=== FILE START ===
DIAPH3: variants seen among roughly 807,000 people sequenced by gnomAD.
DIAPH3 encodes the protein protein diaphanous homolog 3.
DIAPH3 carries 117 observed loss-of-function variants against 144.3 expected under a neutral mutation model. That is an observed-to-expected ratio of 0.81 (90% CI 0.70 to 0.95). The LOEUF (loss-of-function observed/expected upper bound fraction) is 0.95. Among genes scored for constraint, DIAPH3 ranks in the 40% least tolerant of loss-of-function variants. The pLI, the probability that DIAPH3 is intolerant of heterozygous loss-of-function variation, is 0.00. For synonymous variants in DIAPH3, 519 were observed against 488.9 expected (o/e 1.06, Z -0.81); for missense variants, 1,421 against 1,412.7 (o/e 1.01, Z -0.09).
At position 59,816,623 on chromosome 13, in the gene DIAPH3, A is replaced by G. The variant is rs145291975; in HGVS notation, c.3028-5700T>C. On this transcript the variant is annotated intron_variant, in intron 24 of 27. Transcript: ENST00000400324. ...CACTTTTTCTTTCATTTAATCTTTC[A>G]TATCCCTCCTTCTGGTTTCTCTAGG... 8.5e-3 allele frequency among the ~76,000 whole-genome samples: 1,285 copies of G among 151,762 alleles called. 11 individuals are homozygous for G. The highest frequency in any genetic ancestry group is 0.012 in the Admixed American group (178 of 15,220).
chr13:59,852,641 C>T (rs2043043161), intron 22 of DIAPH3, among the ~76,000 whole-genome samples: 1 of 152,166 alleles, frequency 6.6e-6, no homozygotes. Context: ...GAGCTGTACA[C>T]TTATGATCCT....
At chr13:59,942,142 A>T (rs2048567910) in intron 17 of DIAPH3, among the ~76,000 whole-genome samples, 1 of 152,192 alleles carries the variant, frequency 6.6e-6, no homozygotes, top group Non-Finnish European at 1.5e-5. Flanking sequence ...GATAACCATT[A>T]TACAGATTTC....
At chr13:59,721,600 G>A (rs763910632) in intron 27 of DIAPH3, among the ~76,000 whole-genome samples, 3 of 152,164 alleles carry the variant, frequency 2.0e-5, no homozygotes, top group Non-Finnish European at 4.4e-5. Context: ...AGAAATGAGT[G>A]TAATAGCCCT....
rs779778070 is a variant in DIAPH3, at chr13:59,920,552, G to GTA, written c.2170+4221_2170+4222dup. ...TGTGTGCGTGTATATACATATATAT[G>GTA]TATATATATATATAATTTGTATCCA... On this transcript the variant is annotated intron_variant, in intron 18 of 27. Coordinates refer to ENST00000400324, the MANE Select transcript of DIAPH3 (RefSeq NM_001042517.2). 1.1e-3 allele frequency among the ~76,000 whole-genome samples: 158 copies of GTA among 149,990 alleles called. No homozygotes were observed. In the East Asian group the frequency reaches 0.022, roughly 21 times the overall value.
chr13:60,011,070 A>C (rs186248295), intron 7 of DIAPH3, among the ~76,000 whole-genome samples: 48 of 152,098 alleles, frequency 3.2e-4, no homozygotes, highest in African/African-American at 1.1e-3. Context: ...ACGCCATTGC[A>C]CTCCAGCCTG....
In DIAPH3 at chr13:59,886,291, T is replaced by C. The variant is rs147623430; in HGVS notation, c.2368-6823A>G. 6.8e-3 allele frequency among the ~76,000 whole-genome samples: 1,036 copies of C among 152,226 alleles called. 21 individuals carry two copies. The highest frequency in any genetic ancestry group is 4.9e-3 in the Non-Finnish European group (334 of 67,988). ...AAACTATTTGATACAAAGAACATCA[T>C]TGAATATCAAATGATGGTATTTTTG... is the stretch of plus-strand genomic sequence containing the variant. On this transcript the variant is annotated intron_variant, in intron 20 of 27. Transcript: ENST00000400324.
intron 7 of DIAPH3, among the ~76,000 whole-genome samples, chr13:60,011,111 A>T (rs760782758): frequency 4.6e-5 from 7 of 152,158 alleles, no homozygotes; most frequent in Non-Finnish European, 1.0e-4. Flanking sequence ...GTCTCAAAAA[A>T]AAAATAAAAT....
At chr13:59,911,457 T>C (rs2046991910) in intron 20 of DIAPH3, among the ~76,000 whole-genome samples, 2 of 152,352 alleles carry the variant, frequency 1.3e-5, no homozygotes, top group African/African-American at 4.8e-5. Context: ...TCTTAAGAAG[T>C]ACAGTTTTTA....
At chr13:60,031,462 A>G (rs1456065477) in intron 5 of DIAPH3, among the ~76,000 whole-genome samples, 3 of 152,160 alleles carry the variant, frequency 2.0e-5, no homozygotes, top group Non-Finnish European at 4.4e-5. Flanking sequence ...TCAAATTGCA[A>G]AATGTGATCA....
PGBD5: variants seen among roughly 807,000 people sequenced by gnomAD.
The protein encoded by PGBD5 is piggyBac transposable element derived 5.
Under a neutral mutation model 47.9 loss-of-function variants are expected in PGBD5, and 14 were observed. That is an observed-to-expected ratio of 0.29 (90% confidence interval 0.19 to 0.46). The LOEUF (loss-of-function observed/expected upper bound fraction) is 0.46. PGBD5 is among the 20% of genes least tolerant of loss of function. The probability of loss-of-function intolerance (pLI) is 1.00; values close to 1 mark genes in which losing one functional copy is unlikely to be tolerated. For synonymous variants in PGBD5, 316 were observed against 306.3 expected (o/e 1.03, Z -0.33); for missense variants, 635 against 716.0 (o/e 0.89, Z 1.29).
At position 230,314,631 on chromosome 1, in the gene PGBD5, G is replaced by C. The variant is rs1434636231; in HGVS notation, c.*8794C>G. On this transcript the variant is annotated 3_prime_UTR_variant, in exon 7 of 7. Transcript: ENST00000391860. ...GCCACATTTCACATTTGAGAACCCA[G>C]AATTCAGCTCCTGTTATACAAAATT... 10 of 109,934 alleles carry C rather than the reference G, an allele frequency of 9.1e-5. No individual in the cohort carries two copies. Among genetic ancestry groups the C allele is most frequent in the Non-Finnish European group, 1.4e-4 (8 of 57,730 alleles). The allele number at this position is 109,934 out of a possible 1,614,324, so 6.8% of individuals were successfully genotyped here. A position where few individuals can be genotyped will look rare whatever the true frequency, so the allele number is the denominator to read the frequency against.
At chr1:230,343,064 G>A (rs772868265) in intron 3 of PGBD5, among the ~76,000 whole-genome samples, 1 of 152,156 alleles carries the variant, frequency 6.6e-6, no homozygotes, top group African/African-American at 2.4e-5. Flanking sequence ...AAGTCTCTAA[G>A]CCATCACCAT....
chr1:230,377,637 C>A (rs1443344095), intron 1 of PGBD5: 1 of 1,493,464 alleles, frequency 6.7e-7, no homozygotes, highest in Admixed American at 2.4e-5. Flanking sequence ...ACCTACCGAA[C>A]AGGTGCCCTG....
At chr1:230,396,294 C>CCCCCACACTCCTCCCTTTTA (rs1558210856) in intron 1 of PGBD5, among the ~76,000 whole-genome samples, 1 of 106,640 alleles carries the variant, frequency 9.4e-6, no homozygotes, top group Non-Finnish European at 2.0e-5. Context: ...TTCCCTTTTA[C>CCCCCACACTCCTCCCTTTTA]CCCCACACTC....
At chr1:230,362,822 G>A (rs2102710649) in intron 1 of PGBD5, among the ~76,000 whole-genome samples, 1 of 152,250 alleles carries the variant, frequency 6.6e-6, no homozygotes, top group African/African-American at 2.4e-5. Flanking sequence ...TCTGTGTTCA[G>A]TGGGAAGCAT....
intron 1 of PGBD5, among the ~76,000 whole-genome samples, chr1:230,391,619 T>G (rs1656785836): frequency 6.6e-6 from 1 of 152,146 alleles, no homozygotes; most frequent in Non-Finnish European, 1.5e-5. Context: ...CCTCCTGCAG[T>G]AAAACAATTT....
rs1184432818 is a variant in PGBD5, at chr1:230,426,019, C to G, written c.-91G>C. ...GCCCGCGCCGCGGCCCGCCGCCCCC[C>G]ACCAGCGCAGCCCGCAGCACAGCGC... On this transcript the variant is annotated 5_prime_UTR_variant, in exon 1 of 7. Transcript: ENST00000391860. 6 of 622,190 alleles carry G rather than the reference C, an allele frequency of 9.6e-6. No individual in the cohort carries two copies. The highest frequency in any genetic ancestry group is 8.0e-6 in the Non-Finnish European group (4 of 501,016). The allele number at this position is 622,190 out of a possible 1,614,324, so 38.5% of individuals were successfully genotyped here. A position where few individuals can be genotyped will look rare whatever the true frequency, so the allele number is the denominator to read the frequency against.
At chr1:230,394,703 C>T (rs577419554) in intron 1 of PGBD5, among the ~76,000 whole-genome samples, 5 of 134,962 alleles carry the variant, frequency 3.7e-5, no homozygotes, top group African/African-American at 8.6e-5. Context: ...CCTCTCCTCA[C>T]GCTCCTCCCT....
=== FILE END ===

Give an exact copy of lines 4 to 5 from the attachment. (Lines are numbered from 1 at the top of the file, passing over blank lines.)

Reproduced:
At position 59,816,623 on chromosome 13, in the gene DIAPH3, A is replaced by G. The variant is rs145291975; in HGVS notation, c.3028-5700T>C. On this transcript the variant is annotated intron_variant, in intron 24 of 27. Transcript: ENST00000400324. ...CACTTTTTCTTTCATTTAATCTTTC[A>G]TATCCCTCCTTCTGGTTTCTCTAGG... 8.5e-3 allele frequency among the ~76,000 whole-genome samples: 1,285 copies of G among 151,762 alleles called. 11 individuals are homozygous for G. The highest frequency in any genetic ancestry group is 0.012 in the Admixed American group (178 of 15,220).
chr13:59,852,641 C>T (rs2043043161), intron 22 of DIAPH3, among the ~76,000 whole-genome samples: 1 of 152,166 alleles, frequency 6.6e-6, no homozygotes. Context: ...GAGCTGTACA[C>T]TTATGATCCT....